Searching the beaches at Lista for unusual species.

My birding strategy at Lista was to walk the kelp strewn beaches where the best chance would be to find an unusual species, and to occasionally venture inland to explore the agricultural landscape and lakes. The beaches certainly delivered some good species for me, including Shorelark and a Richard’s Pipit. Both species had been recorded in the area during the preceding weeks, so I was bound to eventually find them. A single Ruddy Turnstone was also seen on the beach, as well as many Rock Pipits and a few Snow Buntings. 

A Richard's Pipit on the beach, a good bird to find in Norway.

The flat interior of Lista held numerous common species such as Yellowhammer, Greenfinch, Brambling and Chaffinch. Collared Doves were common around the houses, but were new for my Norwegian bird list. A pair of Common Cranes near the airport was a nice surprise, while I also enjoyed watching the radio-controlled model aircrafts buzzing about. Mixed flocks with up to four corvid species were also occasionally seen on the agricultural fields, and included Hooded Crow, Carrion Crow, Jackdaw and Rook.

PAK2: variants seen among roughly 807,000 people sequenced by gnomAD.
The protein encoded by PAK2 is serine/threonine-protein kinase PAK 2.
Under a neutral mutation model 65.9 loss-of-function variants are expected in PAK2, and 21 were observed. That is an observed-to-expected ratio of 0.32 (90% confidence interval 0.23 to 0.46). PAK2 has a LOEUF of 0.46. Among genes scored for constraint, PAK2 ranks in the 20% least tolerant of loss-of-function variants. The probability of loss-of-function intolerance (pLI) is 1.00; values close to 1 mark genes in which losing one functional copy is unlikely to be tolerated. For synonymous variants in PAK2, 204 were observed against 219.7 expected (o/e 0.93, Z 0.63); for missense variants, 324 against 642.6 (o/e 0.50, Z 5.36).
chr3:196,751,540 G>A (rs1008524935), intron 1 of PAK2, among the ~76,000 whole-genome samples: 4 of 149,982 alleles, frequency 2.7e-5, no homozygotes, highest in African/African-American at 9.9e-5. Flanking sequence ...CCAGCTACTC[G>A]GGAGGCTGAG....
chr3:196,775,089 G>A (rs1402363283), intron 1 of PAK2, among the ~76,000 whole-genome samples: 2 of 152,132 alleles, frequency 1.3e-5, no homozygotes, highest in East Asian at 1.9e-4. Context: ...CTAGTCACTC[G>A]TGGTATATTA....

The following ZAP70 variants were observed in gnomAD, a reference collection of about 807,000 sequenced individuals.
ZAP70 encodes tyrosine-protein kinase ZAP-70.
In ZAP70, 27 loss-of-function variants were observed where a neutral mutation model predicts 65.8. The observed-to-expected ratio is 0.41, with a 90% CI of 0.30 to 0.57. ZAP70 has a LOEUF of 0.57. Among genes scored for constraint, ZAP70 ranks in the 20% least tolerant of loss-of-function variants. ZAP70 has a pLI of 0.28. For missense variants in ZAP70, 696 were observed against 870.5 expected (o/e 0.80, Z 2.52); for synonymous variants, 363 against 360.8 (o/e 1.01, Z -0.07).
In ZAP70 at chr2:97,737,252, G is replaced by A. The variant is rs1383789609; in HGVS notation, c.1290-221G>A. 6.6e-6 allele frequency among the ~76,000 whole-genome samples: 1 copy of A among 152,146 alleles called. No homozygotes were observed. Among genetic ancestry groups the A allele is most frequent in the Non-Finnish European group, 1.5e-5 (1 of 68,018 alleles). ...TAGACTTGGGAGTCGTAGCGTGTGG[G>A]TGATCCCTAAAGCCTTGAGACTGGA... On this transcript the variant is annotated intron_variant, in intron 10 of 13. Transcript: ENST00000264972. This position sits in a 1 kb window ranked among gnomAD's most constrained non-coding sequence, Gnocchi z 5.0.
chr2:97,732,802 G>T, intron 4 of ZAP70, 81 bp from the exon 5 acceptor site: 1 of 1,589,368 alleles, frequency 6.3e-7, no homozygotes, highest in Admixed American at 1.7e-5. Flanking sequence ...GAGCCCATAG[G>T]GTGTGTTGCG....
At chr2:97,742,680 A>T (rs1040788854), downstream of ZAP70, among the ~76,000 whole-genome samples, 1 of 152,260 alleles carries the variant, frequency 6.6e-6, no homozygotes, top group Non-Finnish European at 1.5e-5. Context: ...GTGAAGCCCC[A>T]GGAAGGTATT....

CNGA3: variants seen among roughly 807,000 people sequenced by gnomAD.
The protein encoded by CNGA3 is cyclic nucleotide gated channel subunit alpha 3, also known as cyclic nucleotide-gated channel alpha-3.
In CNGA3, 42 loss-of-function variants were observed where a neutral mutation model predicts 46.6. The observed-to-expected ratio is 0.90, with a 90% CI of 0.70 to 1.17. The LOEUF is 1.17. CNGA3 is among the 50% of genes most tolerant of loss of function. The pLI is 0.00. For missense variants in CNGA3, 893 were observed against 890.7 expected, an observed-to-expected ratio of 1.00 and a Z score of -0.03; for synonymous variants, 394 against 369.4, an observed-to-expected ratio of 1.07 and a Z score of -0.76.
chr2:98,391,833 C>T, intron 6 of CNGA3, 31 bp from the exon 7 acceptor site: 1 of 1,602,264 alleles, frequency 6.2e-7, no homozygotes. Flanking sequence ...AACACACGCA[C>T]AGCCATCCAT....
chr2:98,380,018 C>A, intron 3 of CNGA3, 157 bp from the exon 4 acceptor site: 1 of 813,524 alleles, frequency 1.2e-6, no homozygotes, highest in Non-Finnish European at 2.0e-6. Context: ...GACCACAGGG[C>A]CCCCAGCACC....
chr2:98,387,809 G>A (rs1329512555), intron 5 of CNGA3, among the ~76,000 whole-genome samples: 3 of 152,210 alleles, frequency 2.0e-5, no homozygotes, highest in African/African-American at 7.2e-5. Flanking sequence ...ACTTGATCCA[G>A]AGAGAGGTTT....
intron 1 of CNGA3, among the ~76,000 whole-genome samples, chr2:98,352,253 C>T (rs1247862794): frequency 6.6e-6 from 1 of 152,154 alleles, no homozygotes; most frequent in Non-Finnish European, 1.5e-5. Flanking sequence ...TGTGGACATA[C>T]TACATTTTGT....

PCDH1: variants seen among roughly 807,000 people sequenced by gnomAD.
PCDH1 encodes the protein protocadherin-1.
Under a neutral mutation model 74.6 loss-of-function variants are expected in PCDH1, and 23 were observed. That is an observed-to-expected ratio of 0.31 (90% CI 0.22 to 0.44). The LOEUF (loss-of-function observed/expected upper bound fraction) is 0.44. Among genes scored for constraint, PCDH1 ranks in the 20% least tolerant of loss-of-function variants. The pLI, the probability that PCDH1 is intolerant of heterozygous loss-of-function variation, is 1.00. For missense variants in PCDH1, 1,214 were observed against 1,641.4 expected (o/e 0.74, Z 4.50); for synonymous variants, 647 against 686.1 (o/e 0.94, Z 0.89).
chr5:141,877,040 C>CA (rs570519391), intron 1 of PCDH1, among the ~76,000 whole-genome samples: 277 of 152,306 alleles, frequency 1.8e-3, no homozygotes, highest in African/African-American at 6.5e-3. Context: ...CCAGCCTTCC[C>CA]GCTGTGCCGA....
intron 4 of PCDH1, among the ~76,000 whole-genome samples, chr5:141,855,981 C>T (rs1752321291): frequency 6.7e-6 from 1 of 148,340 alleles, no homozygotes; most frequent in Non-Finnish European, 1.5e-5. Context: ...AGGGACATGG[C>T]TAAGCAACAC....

Lista's beaches were exciting to explore, not to mentioning the great scenery.

In the small harbour at Borhaug there were Little Grebes, Red-throated Divers, Goldeneyes, Great Northern Diver, Long-tailed Ducks, Red-breasted Mergansers, Common and Velvet Scoters. Herring Gulls were continuously moving up and down the shoreline, and further out to sea there were Northern Gannets, Little Auks and the occasional Red-throated and Great Northern Diver flying by. On the lake Nesheimvatnet there were flocks of Greater White-fronted Goose, Greylag Goose, Tufted Duck and a single Smew. 

A male Long-tailed Duck in stunning breeding plumage in the harbour at Borhaug.